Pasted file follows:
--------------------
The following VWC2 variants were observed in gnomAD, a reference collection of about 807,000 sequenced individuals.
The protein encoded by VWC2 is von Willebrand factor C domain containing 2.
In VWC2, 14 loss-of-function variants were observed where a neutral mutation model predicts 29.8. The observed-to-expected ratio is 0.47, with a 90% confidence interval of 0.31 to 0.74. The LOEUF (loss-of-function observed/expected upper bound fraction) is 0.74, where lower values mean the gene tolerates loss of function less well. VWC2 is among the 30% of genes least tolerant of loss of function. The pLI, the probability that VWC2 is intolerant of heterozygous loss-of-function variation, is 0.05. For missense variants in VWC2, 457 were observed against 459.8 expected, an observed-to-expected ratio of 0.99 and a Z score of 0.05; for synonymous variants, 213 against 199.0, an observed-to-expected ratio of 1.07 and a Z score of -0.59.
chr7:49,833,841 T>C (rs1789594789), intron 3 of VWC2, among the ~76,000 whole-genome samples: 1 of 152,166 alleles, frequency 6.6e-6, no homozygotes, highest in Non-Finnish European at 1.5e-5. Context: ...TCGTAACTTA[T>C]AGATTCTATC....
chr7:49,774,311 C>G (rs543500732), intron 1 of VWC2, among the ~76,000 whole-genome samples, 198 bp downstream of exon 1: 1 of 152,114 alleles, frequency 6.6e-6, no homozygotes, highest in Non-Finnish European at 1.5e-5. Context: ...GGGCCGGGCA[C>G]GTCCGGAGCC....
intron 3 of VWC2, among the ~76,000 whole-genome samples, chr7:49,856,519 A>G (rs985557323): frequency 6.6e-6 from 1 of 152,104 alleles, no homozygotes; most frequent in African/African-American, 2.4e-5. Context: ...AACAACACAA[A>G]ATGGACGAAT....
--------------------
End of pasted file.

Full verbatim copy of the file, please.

The following VWC2 variants were observed in gnomAD, a reference collection of about 807,000 sequenced individuals.
The protein encoded by VWC2 is von Willebrand factor C domain containing 2.
In VWC2, 14 loss-of-function variants were observed where a neutral mutation model predicts 29.8. The observed-to-expected ratio is 0.47, with a 90% confidence interval of 0.31 to 0.74. The LOEUF (loss-of-function observed/expected upper bound fraction) is 0.74, where lower values mean the gene tolerates loss of function less well. VWC2 is among the 30% of genes least tolerant of loss of function. The pLI, the probability that VWC2 is intolerant of heterozygous loss-of-function variation, is 0.05. For missense variants in VWC2, 457 were observed against 459.8 expected, an observed-to-expected ratio of 0.99 and a Z score of 0.05; for synonymous variants, 213 against 199.0, an observed-to-expected ratio of 1.07 and a Z score of -0.59.
chr7:49,833,841 T>C (rs1789594789), intron 3 of VWC2, among the ~76,000 whole-genome samples: 1 of 152,166 alleles, frequency 6.6e-6, no homozygotes, highest in Non-Finnish European at 1.5e-5. Context: ...TCGTAACTTA[T>C]AGATTCTATC....
chr7:49,774,311 C>G (rs543500732), intron 1 of VWC2, among the ~76,000 whole-genome samples, 198 bp downstream of exon 1: 1 of 152,114 alleles, frequency 6.6e-6, no homozygotes, highest in Non-Finnish European at 1.5e-5. Context: ...GGGCCGGGCA[C>G]GTCCGGAGCC....
intron 3 of VWC2, among the ~76,000 whole-genome samples, chr7:49,856,519 A>G (rs985557323): frequency 6.6e-6 from 1 of 152,104 alleles, no homozygotes; most frequent in African/African-American, 2.4e-5. Context: ...AACAACACAA[A>G]ATGGACGAAT....